Front Matter Early Times The Druids The Britons Caesar in Britain Queen Boadicea The Great Walls The Great Irish Saint The Anglo-Saxons Brave King Arthur The Laws of the Saxons The Story of St Augustine Three Great Men The Danish Pirates King Alfred and the Cakes Alfred conquers the Danes A King's Narrow Escape The King and the Outlaw The Monasteries An Unlucky Couple St Dunstan King Canute and the Waves A Saxon Nobleman Lady Godiva's Ride The Battle of Hastings The Conquest Lords and Vassals Death of William The Brothers' Quarrels Arms and Armour The "White Ship" Matilda's Narrow Escapes Story of Fair Rosamond Thomas a Becket Murder of Thomas a Becket Richard's Adventures Richard and the Saracens The Faithful Minstrel Death of Richard The Murder of Arthur The Great Charter The Rule of Henry III A Race Persecution of the Jews The Conquest of Wales A Quarrel with France The Coronation Stone The Insolent Favourite Bruce and the Spider Death of Edward II The Murderers punished The Battle of Crecy The Siege of Calais The Age of Chivalry The Battle of Poitiers The Peasants' Revolt Richard's Presence of Mind A Tiny Queen Henry's Troubles Madcap Harry A Glorious Reign The Maid of Orleans The War of the Roses The Queen and the Brigand The Triumph of the Yorks The Princes in the Tower Richard's Punishment Two Pretenders A Grasping King Field of the Cloth of Gold The New Opinions Death of Wolsey Henry's Wives The King and the Painter A Boy King Lady Jane Grey The Death of Cranmer A Clever Queen Elizabeth's Lovers Mary, Queen of Scots Captivity of Mary Stuart Wreck of the Spanish Armada The Elizabethan Age Death of Elizabeth A Scotch King The Gunpowder Plot Sir Walter Raleigh King and Parliament Cavaliers and Roundheads "Remember" The Royal Oak The Commonwealth The Restoration Plague and Fire The Merry Monarch James driven out of England A Terrible Massacre William's Wars The Duke of Marlborough The Taking of Gibraltar The South Sea Bubble Bonny Prince Charlie Black Hole of Calcutta Loss of the Colonies The Battle of the Nile Nelson's Last Signal The Battle of Waterloo First Gentleman of Europe Childhood of Queen Victoria The Queen's Marriage Wars in Victoria's Reign The Jubilee

Story of the English - Helene Guerber

Brave King Arthur

The Angles, in the course of time, formed three kingdoms in Britain, which bore the names of Anglia, Mercia, and Northumbria. But, in speaking of the territory they occupied, they so often said that it was the Angles' land, that little by little the name was contracted into "England," and after the tenth century the whole country was known by this name.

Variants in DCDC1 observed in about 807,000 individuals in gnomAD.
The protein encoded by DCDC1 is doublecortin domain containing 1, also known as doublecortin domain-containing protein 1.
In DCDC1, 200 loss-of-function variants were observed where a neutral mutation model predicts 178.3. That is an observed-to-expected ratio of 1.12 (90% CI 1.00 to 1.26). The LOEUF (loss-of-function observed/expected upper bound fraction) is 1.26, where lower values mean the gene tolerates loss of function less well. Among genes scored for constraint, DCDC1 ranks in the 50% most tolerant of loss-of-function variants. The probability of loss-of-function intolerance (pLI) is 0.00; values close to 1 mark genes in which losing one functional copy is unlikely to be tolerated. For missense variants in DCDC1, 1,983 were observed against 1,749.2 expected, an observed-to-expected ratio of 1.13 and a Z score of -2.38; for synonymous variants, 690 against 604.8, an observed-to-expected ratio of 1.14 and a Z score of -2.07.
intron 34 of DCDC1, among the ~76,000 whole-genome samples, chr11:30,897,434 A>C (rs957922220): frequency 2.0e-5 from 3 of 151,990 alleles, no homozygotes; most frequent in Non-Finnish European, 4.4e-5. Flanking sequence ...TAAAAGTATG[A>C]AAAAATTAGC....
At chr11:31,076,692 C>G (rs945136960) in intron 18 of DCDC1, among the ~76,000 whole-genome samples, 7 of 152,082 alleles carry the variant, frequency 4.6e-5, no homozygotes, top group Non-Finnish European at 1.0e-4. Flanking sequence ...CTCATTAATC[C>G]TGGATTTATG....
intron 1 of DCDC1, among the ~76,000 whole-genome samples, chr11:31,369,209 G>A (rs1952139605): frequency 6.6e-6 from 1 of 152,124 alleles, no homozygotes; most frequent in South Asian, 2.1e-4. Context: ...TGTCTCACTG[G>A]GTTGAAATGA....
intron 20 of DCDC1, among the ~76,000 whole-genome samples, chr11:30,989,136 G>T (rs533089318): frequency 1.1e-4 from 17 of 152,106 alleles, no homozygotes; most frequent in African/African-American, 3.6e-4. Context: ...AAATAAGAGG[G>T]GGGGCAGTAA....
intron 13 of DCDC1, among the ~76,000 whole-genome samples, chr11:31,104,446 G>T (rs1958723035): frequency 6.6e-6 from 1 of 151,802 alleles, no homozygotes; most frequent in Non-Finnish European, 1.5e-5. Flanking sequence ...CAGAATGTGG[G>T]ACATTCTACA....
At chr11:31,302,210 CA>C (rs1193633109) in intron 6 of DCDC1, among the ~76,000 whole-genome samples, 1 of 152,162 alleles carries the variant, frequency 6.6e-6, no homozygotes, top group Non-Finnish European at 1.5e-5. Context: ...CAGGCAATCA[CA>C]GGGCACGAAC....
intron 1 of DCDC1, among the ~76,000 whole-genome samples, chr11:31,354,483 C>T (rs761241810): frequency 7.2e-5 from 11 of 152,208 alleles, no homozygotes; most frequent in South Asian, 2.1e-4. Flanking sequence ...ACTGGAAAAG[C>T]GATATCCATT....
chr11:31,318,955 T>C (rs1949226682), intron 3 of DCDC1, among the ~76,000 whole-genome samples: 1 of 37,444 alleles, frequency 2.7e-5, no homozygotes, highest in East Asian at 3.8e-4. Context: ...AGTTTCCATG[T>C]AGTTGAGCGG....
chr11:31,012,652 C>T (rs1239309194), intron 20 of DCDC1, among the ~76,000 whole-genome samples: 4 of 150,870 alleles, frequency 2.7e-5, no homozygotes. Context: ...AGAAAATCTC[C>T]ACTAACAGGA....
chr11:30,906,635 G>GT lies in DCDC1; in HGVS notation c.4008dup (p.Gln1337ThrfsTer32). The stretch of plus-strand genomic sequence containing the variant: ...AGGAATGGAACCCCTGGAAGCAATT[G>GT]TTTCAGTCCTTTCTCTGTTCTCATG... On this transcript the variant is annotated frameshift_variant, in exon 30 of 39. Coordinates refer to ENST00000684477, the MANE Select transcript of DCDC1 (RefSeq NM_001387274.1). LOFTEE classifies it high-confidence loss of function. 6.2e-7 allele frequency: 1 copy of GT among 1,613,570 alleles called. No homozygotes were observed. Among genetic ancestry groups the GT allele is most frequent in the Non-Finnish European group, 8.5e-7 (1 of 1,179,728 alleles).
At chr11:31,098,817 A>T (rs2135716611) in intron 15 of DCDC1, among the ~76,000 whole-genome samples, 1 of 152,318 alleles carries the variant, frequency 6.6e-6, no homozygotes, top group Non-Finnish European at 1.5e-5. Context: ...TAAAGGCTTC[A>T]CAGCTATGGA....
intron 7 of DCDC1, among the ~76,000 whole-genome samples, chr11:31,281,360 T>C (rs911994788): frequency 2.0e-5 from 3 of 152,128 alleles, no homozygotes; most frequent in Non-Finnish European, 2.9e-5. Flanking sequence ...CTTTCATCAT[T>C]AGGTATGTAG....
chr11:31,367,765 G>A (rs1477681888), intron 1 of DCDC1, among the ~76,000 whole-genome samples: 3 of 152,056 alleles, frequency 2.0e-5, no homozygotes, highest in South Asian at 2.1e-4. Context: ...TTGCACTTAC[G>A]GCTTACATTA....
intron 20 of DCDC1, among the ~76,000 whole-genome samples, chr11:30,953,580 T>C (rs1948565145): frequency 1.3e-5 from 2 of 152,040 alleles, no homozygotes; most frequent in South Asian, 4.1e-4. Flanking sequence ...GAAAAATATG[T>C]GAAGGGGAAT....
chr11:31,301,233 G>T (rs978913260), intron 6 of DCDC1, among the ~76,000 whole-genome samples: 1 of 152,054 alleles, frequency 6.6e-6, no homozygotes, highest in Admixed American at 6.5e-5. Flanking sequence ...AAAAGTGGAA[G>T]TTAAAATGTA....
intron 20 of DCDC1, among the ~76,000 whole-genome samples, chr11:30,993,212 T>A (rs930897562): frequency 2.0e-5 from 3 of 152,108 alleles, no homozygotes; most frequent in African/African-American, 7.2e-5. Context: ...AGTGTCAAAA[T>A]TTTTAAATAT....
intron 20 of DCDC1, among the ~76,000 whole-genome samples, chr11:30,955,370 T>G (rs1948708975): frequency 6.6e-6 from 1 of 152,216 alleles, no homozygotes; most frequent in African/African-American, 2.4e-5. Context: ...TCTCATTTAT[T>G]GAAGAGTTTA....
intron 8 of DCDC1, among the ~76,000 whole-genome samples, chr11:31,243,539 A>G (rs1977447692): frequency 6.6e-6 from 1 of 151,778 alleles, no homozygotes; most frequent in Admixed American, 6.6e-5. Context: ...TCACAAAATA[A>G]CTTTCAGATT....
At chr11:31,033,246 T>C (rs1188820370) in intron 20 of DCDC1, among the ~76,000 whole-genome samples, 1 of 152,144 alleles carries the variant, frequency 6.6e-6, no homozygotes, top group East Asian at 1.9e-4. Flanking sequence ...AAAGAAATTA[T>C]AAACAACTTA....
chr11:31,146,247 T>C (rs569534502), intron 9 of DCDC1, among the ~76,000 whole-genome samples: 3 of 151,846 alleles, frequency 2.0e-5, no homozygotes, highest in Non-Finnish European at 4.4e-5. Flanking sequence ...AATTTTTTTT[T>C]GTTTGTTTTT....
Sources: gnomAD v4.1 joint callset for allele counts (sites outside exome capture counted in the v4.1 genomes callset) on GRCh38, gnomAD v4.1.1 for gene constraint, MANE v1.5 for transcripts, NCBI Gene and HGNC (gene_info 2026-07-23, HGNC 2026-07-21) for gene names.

The Saxons also formed three kingdoms, called Essex, Wessex, and Sussex, or the lands of the East, West, and South Saxons; and the Jutes took possession of that part of England which goes by the name of Kent. You see, the Britons had very little space left, and for some time they could not resist their powerful foes. But not very long after Vortigern's death, they were ruled by Arthur, a British chief whose name has become very famous, because many poets have written about him and about his great deeds.

It is so long since Arthur lived that we really know little about him; but we are told that he fought against the Saxons and defeated them in twelve great battles. Brave as Arthur was in war, he was no less gentle and courteous in peace, and the Britons were so proud of him that they were never tired of singing his praises.

After a time they began to fancy that he was more than a man; and when he finally fell in battle, and was buried in Glastonbury, they would not believe that he was dead. They said that Arthur could not die, and that when he fell, sorely wounded, the fairies carried him away to their island home at Avalon, to make him well.

They had such faith in Arthur that they thought he would come back, some day, to reign over all Britain and make his people happy. The bards, who loved to sing about Arthur, fostered this belief; and we are told that some of the descendants of the old Britons, the Welsh, as they are now called, still believe that Arthur will come back to his loving people.

After Arthur's death, the Britons were driven still farther away from their former homes, and some of them, crossing the sea, went to settle in France, in a province called Brittany. Here, and in Wales, the old Briton language is still spoken by many of the common people, and wonderful stories about King Arthur are still told by the fireside.

Many years later, when a new race had settled in England, stories of Arthur were told in every castle. As the warriors then wore armour, held tournaments, and went about to deliver the oppressed, they imagined that Arthur and his followers used to do the same. So they made up long tales about the adventures of Arthur's principal companions, who, they said, assembled in his palace at Caerleon, and held feasts there, sitting at a round table. Because they did this, they were called the Knights of the Round Table, and poets have long loved to write about them. One of the last great poets who has retold their story is Tennyson, whose "Idylls of the King "you will read with great delight.